It was at the Jubilee Club in 1907 that Guy was introduced to Rose Witkop, younger sister of Milly Witkop, partner of the anarcho-syndicalist writer and activist Rudolf Rocker. She was born Rachel Vitkopski in Kiev, Ukraine to Jewish parents – Simon and Freda (Grill) – who brought her to London when she was five years old.


Guy Aldred and Rose Witcop: this photo of the couple was reproduced in ‘The Glasgow Daily Record’ on 3rd February 1926 (via

A friendship developed, but it appears that Guy’s mother Ada did not approve, reportedly referring to Rose as ‘that bloody Jewess’. As a result, Guy moved out of the family home in 1908. According to Radical Glasgow:

The two of them entered a period of extreme poverty with all its entailing problems. Rose Witcop was taken from the midst of the May Day parade of the 2nd of May 1909 to Queen Charlotte’s Hospital where she gave birth to a boy. Due to the fact that she gave her name as Miss Witcop and did not wear a ring her treatment was cold and what the staff deemed fitting a fallen woman. Guy was not allowed to see her or receive any information about her until her discharge. The baby was called ‘Annesley’, as a mark of respect to their friend the Reverend Voysey.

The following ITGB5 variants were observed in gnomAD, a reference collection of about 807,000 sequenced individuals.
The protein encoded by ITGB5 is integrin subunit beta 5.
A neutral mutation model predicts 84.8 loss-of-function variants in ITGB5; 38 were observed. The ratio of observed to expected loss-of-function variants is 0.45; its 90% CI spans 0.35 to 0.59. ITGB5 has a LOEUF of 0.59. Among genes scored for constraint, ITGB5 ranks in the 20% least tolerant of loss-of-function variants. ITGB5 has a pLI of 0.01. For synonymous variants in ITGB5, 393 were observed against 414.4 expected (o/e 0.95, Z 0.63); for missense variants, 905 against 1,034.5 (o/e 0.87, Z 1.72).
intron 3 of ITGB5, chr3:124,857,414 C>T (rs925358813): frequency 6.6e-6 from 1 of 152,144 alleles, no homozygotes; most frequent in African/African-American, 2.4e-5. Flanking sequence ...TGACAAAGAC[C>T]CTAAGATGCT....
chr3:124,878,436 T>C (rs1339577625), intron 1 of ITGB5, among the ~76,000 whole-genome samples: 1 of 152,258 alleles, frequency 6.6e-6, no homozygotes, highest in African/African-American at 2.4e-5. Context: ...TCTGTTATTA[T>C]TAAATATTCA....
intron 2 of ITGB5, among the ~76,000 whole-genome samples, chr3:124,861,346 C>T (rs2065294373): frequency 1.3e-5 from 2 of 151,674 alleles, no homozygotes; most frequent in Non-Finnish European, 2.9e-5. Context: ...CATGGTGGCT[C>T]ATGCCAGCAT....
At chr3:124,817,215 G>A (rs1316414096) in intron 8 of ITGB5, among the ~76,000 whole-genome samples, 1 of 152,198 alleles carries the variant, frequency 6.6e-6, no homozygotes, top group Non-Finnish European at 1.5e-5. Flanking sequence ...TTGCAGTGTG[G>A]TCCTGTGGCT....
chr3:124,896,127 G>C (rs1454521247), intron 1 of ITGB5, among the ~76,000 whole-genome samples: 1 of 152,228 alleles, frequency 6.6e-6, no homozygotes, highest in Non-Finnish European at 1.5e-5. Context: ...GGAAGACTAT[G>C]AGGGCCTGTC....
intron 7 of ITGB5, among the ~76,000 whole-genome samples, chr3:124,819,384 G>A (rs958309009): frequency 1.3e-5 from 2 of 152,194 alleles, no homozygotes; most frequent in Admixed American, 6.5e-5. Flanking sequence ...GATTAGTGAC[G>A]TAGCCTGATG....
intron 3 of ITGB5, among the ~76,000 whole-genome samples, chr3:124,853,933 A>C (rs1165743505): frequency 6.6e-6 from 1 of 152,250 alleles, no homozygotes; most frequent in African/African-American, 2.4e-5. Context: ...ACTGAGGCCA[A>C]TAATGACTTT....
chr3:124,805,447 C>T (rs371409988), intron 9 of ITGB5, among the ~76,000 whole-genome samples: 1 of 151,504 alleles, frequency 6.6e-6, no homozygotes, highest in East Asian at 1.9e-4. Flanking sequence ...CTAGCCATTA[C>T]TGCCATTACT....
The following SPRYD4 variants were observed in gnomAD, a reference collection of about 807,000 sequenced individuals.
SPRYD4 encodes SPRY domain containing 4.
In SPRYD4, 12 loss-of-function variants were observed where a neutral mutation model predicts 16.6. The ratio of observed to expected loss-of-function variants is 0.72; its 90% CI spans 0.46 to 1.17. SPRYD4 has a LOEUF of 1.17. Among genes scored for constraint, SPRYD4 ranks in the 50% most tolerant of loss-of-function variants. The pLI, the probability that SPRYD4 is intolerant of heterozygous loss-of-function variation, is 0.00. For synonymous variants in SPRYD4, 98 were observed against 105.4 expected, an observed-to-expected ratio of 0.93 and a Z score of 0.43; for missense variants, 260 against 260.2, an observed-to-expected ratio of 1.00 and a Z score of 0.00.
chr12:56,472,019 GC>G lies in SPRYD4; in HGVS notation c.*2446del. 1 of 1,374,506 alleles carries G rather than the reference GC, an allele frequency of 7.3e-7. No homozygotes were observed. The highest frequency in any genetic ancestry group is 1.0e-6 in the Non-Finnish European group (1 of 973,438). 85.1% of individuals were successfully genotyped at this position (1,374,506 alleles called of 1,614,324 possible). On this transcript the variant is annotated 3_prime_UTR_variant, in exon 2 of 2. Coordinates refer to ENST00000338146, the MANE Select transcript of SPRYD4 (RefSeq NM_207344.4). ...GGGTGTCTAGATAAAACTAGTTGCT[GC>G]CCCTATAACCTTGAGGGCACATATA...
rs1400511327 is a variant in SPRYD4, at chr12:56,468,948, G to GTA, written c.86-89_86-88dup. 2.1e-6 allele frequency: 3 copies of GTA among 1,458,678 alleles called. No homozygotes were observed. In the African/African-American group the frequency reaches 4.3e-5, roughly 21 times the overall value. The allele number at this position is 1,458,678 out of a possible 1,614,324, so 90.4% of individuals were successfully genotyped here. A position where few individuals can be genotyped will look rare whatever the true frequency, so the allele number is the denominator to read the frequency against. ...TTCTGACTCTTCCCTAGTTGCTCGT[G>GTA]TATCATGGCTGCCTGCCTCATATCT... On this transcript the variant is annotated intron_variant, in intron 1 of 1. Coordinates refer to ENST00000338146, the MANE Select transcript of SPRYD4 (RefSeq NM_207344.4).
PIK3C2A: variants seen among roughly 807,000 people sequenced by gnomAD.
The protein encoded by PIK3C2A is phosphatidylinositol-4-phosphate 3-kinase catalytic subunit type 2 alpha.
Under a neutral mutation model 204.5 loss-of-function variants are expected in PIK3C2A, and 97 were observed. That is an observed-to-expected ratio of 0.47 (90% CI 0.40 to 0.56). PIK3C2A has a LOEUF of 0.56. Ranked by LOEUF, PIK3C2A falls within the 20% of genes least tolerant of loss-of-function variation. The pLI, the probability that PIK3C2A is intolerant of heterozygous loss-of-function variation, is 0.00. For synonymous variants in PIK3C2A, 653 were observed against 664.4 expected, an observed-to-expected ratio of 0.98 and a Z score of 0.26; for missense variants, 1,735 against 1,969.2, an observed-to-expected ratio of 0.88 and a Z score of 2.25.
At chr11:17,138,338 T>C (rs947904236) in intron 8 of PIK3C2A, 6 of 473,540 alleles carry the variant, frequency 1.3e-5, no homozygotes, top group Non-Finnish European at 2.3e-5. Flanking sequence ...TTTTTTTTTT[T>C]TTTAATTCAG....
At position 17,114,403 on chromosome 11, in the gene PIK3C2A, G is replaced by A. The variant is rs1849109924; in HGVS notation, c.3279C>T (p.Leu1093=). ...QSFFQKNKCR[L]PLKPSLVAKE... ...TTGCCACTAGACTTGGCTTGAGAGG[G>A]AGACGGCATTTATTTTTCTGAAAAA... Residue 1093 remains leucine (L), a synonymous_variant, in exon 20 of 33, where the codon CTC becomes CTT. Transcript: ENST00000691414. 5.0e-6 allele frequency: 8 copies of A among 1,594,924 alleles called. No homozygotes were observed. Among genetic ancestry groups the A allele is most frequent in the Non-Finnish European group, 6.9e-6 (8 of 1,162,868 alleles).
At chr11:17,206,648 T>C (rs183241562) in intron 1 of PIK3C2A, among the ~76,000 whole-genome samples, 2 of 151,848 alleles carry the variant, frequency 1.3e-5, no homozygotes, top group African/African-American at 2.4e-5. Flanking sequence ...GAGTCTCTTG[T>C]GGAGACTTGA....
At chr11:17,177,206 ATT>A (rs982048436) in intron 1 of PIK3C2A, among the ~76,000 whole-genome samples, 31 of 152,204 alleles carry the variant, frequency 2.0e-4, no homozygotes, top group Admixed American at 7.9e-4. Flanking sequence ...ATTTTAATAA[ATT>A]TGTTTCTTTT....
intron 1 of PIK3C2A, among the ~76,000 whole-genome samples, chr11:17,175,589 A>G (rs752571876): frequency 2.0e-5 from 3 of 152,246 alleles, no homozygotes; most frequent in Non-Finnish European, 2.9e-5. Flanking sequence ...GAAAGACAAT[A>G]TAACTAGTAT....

The 1911 census finds Guy and Rose living at 17 Richmond Gardens, Shepherd’s Bush, where Guy’s occupation is decribed as lecturer and journalist. They underwent a legal marriage ceremony in 1926, when it looked as though Rose might be deported for her family planning activities, even though they had drifted apart by this time. Rose Witkop Aldred died in 1932 from gangrenous appendicitis.

Guy’s later political career can be followed at these sites. In brief,  he was imprisoned as a conscientious objector during the First World War; campaigned for birth control with Rose; moved away from state socialism and embraced anarchism, becoming a leading spokesman for ‘anti-parliamentary communism’; moved to Glasgow and became prominent in local radical groups; supported the anarchists in the Spanish Civil War; and lived precariously on the income from his writing.


Guy Aldred at the centre of a Glasgow demonstration supporting the Spanish Republic

Guy Alfred continued writing and campaigning into old age, one of his last acts being to stand in the 1962 general election for the constituency of Glasgow Woodside. He died on 17th October 1963 at the age of 76. Annesley Guy Aldred, who had been active with his father in various anarchist and communist organisations in Glasgow, died in 1979.